Accused of 'Treason,' Moscow to Give Wagner More Ammo

Leader of mercenary group is feuding with Russian military leaders
By Rob Quinn,  Newser Staff
Posted Feb 23, 2023 6:53 AM CST
Wagner Group Leader Is Feuding With Russian Military
Wagner Group head Yevgeny Prigozhin attends the funeral of fighter Dmitry Menshiko at the Beloostrovskoye cemetery outside St. Petersburg, Russia, on Dec. 24, 2022.   (AP Photo, File)

On the eve of the first anniversary of Russia's invasion of Ukraine, Moscow is dealing with a public feud between the head of the Wagner Group and military leadership. Yevgeny Prigozhin, leader of the mercenary group, said Thursday said that after putting pressure on Russia's defense ministry, he had been told more ammunition is on the way, Reuters reports. "You saved hundreds, maybe thousands of lives of guys who are defending their homeland," he said. Earlier this week, Prigozhin accused military chiefs of "high treason" and claimed that his fighters were being starved of ammunition because the military wanted to see his organization wiped out, Guardian reports.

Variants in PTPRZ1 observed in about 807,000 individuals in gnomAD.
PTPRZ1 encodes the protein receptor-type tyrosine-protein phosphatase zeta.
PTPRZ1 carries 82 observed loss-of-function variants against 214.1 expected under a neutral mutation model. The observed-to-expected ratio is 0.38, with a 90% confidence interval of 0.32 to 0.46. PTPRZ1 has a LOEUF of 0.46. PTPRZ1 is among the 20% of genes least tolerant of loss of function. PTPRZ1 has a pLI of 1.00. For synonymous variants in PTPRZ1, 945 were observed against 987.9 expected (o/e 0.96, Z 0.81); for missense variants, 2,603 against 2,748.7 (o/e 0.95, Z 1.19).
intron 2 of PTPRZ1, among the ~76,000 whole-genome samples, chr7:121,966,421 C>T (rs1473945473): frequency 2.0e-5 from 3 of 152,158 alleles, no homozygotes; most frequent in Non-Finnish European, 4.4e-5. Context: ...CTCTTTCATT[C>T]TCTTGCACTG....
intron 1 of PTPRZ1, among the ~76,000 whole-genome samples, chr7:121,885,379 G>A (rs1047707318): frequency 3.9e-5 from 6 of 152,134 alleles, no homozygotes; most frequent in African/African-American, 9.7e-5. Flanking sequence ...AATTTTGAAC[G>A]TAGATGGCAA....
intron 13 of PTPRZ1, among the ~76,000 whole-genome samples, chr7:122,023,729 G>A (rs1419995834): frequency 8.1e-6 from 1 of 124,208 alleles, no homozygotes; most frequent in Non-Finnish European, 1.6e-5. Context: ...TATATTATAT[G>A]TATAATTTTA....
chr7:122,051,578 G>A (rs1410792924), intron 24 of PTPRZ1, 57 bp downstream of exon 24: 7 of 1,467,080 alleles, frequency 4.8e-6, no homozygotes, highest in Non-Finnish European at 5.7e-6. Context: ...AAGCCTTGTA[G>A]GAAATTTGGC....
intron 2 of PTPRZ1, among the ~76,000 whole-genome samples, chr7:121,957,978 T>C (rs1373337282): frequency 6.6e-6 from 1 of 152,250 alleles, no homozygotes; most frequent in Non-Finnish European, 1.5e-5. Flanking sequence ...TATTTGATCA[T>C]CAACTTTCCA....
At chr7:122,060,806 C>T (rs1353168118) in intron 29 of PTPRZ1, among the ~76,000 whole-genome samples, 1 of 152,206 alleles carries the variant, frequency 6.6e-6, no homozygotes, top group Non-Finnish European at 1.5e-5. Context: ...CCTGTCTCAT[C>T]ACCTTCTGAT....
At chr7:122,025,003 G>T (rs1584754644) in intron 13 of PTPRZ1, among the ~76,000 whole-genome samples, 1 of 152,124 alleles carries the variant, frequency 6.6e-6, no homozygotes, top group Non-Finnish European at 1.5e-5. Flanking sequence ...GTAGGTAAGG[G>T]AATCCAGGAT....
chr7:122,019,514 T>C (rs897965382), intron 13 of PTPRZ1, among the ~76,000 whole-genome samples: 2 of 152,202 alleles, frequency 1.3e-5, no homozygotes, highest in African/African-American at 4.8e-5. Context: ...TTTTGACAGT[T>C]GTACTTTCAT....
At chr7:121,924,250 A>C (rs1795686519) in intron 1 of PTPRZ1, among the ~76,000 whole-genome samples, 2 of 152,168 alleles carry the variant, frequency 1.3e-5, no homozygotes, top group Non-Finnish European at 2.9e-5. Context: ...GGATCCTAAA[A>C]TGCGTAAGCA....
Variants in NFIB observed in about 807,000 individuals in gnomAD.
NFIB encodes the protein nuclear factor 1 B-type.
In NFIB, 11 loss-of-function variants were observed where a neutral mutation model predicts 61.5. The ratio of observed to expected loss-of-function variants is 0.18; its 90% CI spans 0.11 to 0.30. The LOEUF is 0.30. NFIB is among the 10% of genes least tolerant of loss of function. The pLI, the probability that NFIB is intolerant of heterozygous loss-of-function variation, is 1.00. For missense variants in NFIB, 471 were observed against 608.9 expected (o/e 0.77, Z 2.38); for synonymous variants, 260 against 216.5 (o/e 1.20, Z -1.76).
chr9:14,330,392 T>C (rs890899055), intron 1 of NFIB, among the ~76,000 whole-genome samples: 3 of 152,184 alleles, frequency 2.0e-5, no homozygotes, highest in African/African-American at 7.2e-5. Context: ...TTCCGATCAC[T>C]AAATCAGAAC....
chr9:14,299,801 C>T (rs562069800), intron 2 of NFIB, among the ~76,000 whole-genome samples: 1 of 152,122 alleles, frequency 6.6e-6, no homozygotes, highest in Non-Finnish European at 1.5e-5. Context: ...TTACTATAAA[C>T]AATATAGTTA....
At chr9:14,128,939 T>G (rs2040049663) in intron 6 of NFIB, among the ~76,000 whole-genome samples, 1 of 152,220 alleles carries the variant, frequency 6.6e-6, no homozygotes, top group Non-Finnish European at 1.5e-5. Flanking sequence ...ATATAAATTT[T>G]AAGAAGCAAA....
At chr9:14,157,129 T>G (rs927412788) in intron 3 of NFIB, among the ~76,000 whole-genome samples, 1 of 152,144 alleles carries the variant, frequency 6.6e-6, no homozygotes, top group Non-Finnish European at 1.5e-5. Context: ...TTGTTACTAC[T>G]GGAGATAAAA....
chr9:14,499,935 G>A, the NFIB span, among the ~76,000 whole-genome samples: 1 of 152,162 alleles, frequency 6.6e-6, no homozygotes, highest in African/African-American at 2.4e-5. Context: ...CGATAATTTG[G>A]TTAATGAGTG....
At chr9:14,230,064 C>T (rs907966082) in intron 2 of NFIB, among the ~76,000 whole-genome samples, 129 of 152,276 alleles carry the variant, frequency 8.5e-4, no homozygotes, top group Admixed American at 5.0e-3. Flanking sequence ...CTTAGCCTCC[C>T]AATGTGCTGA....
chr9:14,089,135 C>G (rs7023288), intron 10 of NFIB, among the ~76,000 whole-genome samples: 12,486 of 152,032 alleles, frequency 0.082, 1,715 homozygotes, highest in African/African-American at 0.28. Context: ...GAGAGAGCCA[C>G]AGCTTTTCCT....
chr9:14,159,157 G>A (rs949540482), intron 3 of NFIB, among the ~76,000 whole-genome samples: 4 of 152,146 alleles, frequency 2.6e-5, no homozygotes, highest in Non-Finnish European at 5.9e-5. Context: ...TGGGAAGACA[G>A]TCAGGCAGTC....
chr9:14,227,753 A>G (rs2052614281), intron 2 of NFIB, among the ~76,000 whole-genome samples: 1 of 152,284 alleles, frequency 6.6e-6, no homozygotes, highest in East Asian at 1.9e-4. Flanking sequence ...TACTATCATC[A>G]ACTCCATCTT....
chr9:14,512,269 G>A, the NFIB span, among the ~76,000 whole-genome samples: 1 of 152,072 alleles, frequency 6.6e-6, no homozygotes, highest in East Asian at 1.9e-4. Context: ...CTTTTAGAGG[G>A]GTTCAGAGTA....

On Tuesday, the defense ministry said allegations that fighters were being deprived of ammunition were "completely untrue" but Prigozhin stepped up his campaign. On Wednesday, he posted a graphic image of dozens of dead Wagner fighters in eastern Ukraine. "These are guys who have died because of so-called 'shell hunger,'" he said. "There should be five times fewer of them." The BBC reports that Prigozhin, a catering tycoon, has long had close ties to Vladimir Putin but analysts believe he has fallen out of favor with the Russian president amid increased rivalry between the Wagner Group and the Russian military.

Wagner, which has recruited heavily from Russian prisons, is believed to have lost thousands of fighters in the battle for Bakhmut in eastern Ukraine. Prigozhin has frequently criticized military leaders including Valery Gerasimov, Russia's top general. Gerasimov was put in control of Russian forces in Ukraine last month in what some saw as an attempt to "cut Prigozhin down to size," the AP reports. In his address to the nation Tuesday, Putin said he wanted infighting like "interdepartmental contradictions" and other "nonsense" to stop. He thanked the military during his address but made no mention of Wagner. (More Russia-Ukraine war stories.)

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